We’ve also seen a departure from heavily fragranced products. Whether natural or synthetic, fragrance is one of the most common irritants in skin-care products. So having more fragrance-free products allows people with more sensitive and reactive skin to navigate the skin-care industry with a bit more ease, but it doesn’t mean that everyone needs to stay away from fragrance.
Additionally, this has led to a rise in ingredient transparency among brands. When browsing skin-care products online (either from individual brands or big retailers like Sephora) you’ll always see a breakdown of what the main ingredients do. And some brands like Isla and Uni Beauty take this a step further, explaining what percentage of their formula their main ingredients comprise, a clear breakdown of why each product costs what it does, and more.
The recent Olaplex controversy is a prime example of ingredient misinformation
The recent uproar about Olaplex is a prime example of ingredient confusion perpetuated by social media. The European Union chose to ban lilial, also known as butylphenyl methylpropional, based on a report that examined its reproductive toxicity in mice, rats, and dogs. Rats were the only ones out of the group found to have a sensitivity to lilial, so to follow the worst-case scenario, it was assumed that humans could be as sensitive as rats. The rats ingested lilial, and researchers converted the findings to see what the impact would be if the ingredient was applied to human skin.
“They calculated what would happen if you used 15 different products with lilial every day,” says Dr. Wong, “and they found that you still get 1/80th of the amount of lilial that would be expected to cause a negative effect in rats.”
The Cosmetic, Toiletry and Perfumery Association (CTPA) states that the current EU ban, and a similar ban expected to follow in Great Britain, “is based on the hazardous properties a substance might have under a ‘worst-case’ situation and does not take account of whether there is any risk associated with specific uses or exposures. Consumers who have bought cosmetic and personal care products that contain [lilial] can be reassured that these products are still safe to use. They will have undergone a rigorous safety assessment by an expert safety assessor to ensure their safe use.”
Translation: Though ingesting massive amounts of lilial may cause infertility, anyone using Olaplex doesn’t need to worry about these “worst-case scenario” effects. Plus, when the EU formally announced this ban in September 2020, Olaplex proactively removed lilial, meaning the ingredient has not been included in Olaplex No. 3 formulation for months.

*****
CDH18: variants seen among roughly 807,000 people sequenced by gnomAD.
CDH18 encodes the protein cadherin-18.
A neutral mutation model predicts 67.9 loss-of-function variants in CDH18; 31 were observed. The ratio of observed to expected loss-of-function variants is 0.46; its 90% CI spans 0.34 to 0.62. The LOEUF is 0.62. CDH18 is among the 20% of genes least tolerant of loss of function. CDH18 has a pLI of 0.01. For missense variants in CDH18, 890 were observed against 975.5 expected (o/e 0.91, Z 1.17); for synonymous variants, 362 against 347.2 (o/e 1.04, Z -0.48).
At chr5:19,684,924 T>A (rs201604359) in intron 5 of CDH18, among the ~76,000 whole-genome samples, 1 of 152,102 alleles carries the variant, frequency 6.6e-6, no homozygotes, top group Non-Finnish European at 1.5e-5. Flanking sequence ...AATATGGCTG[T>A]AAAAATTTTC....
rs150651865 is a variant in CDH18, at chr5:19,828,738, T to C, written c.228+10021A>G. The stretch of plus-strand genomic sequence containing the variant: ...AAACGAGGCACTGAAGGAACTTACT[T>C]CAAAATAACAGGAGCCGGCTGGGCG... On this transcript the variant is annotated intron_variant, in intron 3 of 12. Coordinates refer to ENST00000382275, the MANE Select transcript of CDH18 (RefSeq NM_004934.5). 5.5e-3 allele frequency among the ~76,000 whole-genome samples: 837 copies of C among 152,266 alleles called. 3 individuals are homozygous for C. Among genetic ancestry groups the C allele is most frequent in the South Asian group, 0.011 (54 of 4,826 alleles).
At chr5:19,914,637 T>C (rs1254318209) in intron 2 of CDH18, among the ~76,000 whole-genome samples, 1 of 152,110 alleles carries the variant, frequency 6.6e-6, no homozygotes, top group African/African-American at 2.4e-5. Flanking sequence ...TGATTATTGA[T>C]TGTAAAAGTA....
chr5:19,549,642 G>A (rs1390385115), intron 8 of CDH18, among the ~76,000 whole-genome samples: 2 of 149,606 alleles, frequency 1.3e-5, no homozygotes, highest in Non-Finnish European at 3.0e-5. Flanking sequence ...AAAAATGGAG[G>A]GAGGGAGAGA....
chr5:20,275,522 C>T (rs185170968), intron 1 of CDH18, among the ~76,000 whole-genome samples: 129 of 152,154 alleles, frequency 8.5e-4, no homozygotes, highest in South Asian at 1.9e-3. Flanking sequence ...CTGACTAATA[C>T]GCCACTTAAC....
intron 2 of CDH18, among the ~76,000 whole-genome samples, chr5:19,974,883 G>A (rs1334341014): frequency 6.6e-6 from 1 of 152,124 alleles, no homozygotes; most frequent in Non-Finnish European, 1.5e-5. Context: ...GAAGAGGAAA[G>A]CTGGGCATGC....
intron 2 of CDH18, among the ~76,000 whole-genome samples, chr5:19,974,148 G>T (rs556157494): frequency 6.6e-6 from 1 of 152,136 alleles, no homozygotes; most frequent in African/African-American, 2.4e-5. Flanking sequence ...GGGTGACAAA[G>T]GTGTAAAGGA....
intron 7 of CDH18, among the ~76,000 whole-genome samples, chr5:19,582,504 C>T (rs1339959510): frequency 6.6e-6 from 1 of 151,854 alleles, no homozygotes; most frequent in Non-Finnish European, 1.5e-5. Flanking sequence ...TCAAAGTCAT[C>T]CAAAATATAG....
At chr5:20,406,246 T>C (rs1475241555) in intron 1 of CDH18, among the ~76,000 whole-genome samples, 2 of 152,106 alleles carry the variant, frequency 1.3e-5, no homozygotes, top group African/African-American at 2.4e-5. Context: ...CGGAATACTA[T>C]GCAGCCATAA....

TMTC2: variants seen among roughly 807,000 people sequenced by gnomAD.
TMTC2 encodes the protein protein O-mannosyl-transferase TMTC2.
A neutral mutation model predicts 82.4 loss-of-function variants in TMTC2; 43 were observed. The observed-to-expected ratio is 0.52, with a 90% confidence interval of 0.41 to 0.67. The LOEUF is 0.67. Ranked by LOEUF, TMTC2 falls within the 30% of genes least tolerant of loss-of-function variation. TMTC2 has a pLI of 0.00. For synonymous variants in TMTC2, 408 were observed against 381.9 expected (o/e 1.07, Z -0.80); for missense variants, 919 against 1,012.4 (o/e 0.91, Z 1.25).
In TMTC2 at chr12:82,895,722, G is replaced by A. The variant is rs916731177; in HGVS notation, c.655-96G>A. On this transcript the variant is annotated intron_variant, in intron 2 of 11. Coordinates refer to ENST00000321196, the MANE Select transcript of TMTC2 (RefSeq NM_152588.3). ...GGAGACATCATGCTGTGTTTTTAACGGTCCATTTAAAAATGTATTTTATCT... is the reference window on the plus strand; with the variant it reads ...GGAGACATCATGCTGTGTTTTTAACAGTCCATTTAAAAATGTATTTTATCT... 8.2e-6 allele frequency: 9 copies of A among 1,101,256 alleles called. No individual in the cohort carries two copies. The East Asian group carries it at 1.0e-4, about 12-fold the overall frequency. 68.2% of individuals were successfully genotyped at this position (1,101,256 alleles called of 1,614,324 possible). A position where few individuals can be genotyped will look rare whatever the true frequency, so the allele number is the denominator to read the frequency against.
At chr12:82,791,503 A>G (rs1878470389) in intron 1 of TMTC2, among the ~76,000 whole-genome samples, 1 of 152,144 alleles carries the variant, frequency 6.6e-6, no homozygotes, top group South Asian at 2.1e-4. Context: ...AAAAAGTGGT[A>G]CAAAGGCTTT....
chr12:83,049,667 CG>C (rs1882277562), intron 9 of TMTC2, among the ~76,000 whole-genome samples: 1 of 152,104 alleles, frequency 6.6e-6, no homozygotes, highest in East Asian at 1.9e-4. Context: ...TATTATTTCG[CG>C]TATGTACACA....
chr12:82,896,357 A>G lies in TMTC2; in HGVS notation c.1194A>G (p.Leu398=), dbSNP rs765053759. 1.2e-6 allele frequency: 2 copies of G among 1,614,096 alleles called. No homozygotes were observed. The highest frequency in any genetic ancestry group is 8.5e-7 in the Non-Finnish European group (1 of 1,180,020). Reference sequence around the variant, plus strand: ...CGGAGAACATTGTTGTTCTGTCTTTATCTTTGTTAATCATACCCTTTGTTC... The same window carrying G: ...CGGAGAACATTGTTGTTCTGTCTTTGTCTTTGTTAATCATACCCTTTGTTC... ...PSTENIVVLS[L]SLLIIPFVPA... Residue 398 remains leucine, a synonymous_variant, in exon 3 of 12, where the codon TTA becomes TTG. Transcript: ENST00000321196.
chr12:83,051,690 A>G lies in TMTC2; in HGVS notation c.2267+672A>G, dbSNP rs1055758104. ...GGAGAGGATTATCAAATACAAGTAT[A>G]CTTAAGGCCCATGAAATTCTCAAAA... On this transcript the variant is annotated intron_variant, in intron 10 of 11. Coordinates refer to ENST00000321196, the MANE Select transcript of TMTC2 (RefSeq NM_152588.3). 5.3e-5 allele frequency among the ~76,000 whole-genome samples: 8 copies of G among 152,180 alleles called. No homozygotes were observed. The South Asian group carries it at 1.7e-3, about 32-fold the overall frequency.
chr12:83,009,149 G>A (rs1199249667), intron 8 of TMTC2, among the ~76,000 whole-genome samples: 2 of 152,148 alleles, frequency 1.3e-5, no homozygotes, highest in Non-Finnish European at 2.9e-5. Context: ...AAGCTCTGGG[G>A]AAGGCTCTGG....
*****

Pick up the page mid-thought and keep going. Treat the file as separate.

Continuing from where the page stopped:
“Olaplex takes the health of our consumers and regulatory compliance seriously,” an Olaplex representative tells Well+Good. “We are saddened by the millions of people who have been mentally stressed from the inaccurate narrative on the lilial phase-out.”
What happens when a product is actually unsafe
Olaplex’s decision to remove lilial from its formula speaks to a simple, industry-wide truth: Brands don’t want unsafe products on the market. We saw this with the Honest Company in 2017, when the brand’s baby wipes were recalled due to possible mold contamination, and when Herbivore Botanical issued a similar recall in 2019 due to mold in a face cream.
“Those [products] were under preserved. They were actually unsafe. They were causing infections, and there were recalls issued,” says Dr. Wong. “Beauty companies are meant to have recall procedures, in case something like that does happen because ingredients get contaminated, mistakes happen in manufacturing. Companies are generally ready to recall products if they think actual human harm may happen.”
Additionally, Johnson & Johnson recalled five aerosol sunscreens in June 2021 after trace amounts of benzene, a carcinogen that’s banned as an ingredient in products intended for use in the home, were found in the products. Benzene wasn’t used as an ingredient and arose as a byproduct during formulation. The amount of benzene wasn’t high enough to cause harm and benzene is something that we’re all exposed to regularly through things like the air we breathe and soft drinks. But, cutting down exposure in any way is beneficial, so J&J’s decision was a step in the right direction.
These recalls demonstrate that it’s not in a company’s best interest to put out harmful products.
“We live in a capitalist society, and so everything comes back to profit. And if your customers are dead or harmed by your products, you don’t get a profit,” says Dr. Wong. “It’s completely understandable that people suspect that their products might not be as safe as possible because corporations do not necessarily have our best interests at heart because they just want to turn a profit. But even if you come at it from that perspective, it still doesn’t make sense to make dangerous products.”
How to be an informed shopper
When things like this lilial scare pop up on social media, Elyse Love, MD, a board-certified dermatologist based in New York City, says it’s important to consider your sources.
“What I see a lot of in social media is that either data is taken out of context or data is manipulated,” says Dr. Love. “I’m not telling people that they can’t be proactive, they can’t be interested, they can’t learn. But I do think that sometimes, it’s helpful just to remember that data interpretation is complicated. It’s not that you just look at this number and this number, and then you automatically understand.”
As a consumer, you want to shop in a way that aligns with your priorities. And if being mindful about ingredients is among them, carry forth. But the next time a new beauty ingredient ends up in the hot seat, it’s worth doing the extra digging to find out whether or not it’s legit. Then, you can let that information guide you, and choose your products accordingly.